﻿ Transformation (function)

# Transformation (function)

Wherein a coordinate transformation coordinates from one coordinate system to be transferred to another. Formally speaking, this is the transition from the original coordinates to the new coordinates. The most common applications are in the geometry, geodesy, photogrammetry and technical tasks.

Typical coordinate transformations caused by rotation (rotation), scaling ( changing the scale ), and shear displacement (translation ) of the coordinate system, which can also be combined.

The new coordinates can be arbitrary functions of the old coordinates. In general, using special transformations, in which these functions to certain restrictions - eg Differentiability, linearity or form loyalty - are subject. Coordinate transformations can be applied, can be solved more easily if a different coordinate system, a problem, such as in the transformation of cartesian coordinates into spherical coordinates and vice versa.

A special case of the co-ordinate transformation is the base change in a vector space.

• 2.1 displacement (translation ) 2.1.1 example
• 3.1 Cartesian coordinates and polar coordinates
• 3.2 Other Applications

## Linear transformations

For linear transformations are linear functions of the new coordinates of the original, so

Or

The origin of the new coordinate system will coincide this match that of the original coordinate system.

### Rotation ( rotation)

Upon rotation of the coordinate system is rotated. In two dimensions, there is only a rotation angle as a parameter. In 3D space, you can rotate around all three coordinate axes. Rotation is represented by a rotation matrix.

#### Example

We consider two ( here: three-dimensional ) Cartesian coordinate systems S and S ' with a common z- axis and a common origin. S ' is compared to S is rotated by the angle about the Z -axis. A point P in the coordinate system S, the coordinates, has the coordinate system S ', the coordinates:

In matrix notation results with the inverse rotation matrix for this rotation of the coordinate system:

### Scaling

When scaling the " units " of the axes are changed. That is, the numerical values ​​of the coordinates are multiplied by constant factors ( " scales " )

The parameters of this transformation are the numbers. A special case is the " scaling " in which all the elements have the same value

The scaling is a special case of the linear transformation in which all of coordinate values ​​are multiplied by the same factor. The matrix is ​​in this case once the identity matrix.

### Shear

Wherein the shear angle between the coordinate axes changed. In 2D space, there is therefore a parameter and in 3D space three parameters.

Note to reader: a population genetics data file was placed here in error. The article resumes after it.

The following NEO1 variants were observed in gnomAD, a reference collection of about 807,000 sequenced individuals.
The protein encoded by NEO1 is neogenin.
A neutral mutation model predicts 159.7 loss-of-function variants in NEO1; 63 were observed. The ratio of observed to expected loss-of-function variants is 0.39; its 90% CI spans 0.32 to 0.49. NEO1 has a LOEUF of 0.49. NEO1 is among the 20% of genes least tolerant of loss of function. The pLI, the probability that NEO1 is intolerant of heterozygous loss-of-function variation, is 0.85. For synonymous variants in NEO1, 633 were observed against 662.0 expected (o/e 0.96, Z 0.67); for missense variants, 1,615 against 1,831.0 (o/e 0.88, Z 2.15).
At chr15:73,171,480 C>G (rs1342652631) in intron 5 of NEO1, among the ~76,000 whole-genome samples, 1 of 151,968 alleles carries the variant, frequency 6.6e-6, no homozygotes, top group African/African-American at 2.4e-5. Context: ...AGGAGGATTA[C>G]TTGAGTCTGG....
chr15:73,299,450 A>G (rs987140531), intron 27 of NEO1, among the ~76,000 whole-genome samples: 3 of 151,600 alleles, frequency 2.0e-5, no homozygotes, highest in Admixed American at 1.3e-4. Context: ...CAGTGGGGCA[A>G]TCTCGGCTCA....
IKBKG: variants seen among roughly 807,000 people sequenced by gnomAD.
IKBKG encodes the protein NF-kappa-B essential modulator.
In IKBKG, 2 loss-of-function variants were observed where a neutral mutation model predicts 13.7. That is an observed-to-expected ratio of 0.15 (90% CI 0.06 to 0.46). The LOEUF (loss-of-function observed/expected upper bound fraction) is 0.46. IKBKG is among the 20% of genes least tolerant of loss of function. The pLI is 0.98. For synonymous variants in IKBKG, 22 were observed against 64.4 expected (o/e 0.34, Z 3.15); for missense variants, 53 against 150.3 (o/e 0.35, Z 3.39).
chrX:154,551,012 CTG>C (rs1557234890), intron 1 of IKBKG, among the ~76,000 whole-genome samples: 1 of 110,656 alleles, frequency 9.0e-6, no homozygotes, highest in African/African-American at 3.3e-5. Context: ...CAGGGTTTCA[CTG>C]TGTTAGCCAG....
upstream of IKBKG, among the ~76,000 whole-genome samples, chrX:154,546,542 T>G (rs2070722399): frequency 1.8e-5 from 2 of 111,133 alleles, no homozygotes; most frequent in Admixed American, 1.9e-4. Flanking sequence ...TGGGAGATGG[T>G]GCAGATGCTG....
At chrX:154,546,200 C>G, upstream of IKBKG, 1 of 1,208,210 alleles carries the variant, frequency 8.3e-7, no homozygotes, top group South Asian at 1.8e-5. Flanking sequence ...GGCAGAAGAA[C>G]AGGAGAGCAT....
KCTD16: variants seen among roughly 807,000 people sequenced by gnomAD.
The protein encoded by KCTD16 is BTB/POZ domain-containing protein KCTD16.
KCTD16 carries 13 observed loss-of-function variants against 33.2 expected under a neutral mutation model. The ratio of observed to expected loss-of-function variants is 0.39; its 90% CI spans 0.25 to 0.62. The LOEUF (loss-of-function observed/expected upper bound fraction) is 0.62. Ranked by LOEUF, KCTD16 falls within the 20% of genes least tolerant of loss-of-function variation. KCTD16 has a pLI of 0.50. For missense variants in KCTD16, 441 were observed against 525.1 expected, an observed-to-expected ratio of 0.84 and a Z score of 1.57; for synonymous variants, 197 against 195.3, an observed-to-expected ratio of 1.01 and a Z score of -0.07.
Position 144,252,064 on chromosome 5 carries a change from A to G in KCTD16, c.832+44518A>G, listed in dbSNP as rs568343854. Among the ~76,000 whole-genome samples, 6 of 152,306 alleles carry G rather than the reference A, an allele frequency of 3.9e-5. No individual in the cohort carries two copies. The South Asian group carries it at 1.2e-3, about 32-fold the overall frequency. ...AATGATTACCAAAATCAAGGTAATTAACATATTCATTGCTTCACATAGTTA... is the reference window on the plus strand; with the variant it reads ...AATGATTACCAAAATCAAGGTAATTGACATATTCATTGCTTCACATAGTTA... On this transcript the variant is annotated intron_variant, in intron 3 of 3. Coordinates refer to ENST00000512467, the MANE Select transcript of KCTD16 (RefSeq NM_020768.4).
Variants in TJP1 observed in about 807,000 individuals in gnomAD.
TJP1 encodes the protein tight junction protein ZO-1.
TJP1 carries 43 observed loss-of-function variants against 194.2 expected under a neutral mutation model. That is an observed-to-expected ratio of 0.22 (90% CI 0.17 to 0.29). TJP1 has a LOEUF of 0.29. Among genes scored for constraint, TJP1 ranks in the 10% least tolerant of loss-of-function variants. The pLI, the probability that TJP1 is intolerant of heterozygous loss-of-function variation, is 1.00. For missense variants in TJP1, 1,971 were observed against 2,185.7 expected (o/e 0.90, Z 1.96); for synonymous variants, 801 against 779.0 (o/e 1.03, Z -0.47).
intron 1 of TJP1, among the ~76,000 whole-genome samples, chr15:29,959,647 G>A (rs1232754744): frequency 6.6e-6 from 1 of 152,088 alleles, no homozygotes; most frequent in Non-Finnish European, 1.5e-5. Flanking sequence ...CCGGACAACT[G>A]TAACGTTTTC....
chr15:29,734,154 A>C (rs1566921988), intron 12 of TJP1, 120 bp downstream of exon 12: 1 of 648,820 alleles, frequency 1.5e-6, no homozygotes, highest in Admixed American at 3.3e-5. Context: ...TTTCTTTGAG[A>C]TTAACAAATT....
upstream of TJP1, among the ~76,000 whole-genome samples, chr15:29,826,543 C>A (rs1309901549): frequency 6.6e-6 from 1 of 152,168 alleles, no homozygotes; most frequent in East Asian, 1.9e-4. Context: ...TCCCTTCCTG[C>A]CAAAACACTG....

## Affine transformations

Affine transformations consist of one or more simple transformations.

Are both involved in coordinate systems linearly (ie, in principle, given by a coordinate origin, and equally divided coordinate axes ), as is available an affine transformation. Here, the new coordinate affine functions of the original, so

This can be compactly represented as a matrix multiplication of the vector with the old coordinates of the matrix containing the coefficients, and adding a vector which contains,

Translation is a special case of an affine transformation, in which A is the unit matrix.

### Displacement (translation )

A translation can ( easier to imagine ) be interpreted as a shift in the depicted objects as either a shift of the coordinate origin or. In 2D space, a translation requires two parameters: displacement in the x- direction ( tx) and in the y- direction (ty ), by analogy, it is in 3D as the third parameter, the displacement in the z - direction ( tz).

#### Example

We consider two coordinate systems S and S '. S ' is shifted with respect to S by the vector. A point P in the coordinate system S, the coordinates, has the coordinate system S ', the coordinates.

## Examples

### Cartesian coordinates and polar coordinates

A point in the plane is determined in a Cartesian coordinate system by the coordinates (x, y) and in the polar coordinate system by the distance from the origin and the (positive) angle to the x-axis.

The following applies for the conversion of polar coordinates into Cartesian coordinates:

For the conversion from Cartesian coordinates to polar coordinates holds:

### Other applications

In physics, the invariance of certain natural laws under coordinate transformations plays a special role, please refer to symmetry transformation. Of particular importance are the fundamental Galilean transformation, Lorentz transformation and the gauge transformation. Often also used transformations of operators and vectors:

• The transformation of differential operators
• The transformation of vector fields

In the earth sciences - in particular geodesy and cartography, there are other transformations that represent the formal coordinate transformations.

• Transformation of latitude and longitude in Gauss-Krueger - coordinates
• Conversions between astronomical coordinates
• 7- parameter transformation (translation, rotation, scaling between two coordinate systems on the same or other reference ellipsoid (s), also Helmert transformation ( " rotation - extension " ) ).

In the field of robotics, the Denavit -Hartenberg transformation is considered the standard method.

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